From time to time in this manual, I will speak about the @dfn{enemy}.
This means anybody who is trying to eavesdrop or disturb your private
communication. This usage is technical, and it does not imply that the
enemy is somehow morally inferior to you: The enemy may be some awful
criminals trying to eavesdrop on you, or it may be the police trying to
eavesdrop the same criminals.
The enemy can be a criminal, or a competitor, or your boss who's trying
to find out how much you tell collegues at competing firms. It may be
yours or somebody elses national security officials. Or your
ex-boyfriend who happens to be too curious.
So what can the enemy do to your communications and your privacy?
Remember that just because your paranoid that doesn't mean that nobody
is trying to get you @dots{}
@node Threats
@comment node-name, next, previous, up
@section Threats
When logging in to some other machine via the internet, either in the
same building or e few continents away, there are several things that
may be under enemy attack.
@table @asis
@item @dfn{Local attacks}
The enemy controls your local environment. He or her may be looking over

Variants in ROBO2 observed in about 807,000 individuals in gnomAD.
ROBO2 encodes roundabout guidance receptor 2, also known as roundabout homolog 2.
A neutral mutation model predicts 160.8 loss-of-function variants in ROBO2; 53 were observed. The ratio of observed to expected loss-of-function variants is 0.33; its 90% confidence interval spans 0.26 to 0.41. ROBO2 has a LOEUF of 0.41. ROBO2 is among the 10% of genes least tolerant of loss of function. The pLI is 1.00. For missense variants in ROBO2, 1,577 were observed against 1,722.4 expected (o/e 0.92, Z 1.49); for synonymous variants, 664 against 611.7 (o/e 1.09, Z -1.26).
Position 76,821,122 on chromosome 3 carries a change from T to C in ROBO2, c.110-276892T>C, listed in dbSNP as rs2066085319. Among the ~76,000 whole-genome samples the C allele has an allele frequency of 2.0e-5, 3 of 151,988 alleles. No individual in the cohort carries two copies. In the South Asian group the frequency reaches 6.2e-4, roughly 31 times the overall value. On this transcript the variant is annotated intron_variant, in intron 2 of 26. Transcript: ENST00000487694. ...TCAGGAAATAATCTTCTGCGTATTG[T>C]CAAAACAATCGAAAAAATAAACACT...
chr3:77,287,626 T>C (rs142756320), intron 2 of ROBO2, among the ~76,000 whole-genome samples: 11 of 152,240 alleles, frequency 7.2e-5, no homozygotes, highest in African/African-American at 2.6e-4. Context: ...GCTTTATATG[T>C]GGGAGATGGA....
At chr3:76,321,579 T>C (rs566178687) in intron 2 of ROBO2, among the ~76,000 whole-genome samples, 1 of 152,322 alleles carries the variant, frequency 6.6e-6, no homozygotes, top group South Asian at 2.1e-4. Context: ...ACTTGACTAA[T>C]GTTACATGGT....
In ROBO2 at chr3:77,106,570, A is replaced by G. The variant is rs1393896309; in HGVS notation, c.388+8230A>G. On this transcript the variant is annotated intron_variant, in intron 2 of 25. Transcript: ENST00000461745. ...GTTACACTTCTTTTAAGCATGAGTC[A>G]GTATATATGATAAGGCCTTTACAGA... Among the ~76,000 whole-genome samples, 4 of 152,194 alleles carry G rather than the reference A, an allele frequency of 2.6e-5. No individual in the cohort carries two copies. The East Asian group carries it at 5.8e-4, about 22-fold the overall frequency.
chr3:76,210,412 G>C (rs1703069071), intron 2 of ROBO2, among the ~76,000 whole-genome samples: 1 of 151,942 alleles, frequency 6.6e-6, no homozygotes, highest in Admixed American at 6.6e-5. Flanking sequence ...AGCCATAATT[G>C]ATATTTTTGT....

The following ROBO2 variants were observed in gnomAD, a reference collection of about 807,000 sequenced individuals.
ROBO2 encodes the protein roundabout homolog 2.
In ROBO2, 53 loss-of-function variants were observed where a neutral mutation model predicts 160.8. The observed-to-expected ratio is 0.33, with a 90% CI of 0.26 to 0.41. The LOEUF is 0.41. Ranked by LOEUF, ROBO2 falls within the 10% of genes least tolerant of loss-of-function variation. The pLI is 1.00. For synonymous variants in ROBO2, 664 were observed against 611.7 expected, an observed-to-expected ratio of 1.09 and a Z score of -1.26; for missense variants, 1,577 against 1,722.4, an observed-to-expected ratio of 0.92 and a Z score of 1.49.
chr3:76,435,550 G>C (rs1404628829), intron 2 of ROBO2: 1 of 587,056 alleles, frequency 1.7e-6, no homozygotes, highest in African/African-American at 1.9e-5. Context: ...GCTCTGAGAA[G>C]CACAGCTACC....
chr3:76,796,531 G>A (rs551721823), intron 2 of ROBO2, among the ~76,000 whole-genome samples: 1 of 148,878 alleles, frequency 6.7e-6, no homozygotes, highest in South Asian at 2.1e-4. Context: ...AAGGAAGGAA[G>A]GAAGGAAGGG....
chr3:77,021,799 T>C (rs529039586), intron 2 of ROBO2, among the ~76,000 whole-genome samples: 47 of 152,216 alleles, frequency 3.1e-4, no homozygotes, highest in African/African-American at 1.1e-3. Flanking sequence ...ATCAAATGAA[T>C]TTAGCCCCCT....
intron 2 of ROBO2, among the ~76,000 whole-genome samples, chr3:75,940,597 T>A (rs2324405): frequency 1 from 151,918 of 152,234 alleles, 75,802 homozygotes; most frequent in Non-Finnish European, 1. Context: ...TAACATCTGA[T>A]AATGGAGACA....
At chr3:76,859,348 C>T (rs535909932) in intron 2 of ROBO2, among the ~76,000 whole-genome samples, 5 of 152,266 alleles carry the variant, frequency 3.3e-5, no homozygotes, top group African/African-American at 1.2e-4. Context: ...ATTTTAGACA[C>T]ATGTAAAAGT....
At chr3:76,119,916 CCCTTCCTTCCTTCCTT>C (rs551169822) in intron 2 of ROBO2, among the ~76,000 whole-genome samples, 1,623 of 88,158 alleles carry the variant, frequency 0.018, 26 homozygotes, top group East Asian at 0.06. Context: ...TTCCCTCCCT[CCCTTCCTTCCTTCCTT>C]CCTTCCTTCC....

your shoulder. Your local machine might be cracked. Or there may be some
device planted inside your keyboard transmitting everything you type to
the attacker. About the same problems occur if the attacker has taken
control over your target machine, i.e. the remote machine you have
logged in to.
@item @dfn{Denial of service}
The enemy has cut your network cable, effectively stopping your
communication. Even without doing physical damage, the enemy may be able
to flood and overload computers or network equipment. Or disrupt network
traffic by sending fake packets to hangup your @code{tcp/ip}
connections.
@item @dfn{Passive eavesdropping}
The enemy may be able to listen to your communication somewhere along
its path. With the global internet, it's difficult to predict who might
be able to listen. Internet traffic between buildings just a few hundred
meters apart have been observed temporarily being routed through half a
dozen countries, perhaps a few thousand kilometers.
And even without routing anomalies, it is possible that the enemy has
been able to take control of some nearby machine, and can listen in from
there. Of course, passive eavesdropping is most dangerous if you
transmit cleartext passwords. This is the main reason not to use vanilla
telnet to login to remote systems. Use a telnet with support for
@acronym{SSL} or Kerberos, or use a program like @code{lsh} or
@code{ssh}.
A passive eavesdropper is assumed not to do anything nasty with your
packets beyond listening to them.
@item Name resolution attacks
The translation from symbolic @acronym{DNS} names to numeric
ip-addresses may be controlled by the attacker. In this case, you may
think that you are connecting to a friendly machine, when in fact you
are connecting somewhere else.
@item Fake packets
It is fairly easy to fake the source address of an @acronym{IP}-packet,
although it is more difficult to get hold on the replies to the faked
packets. But even without any replies, this cause cause serious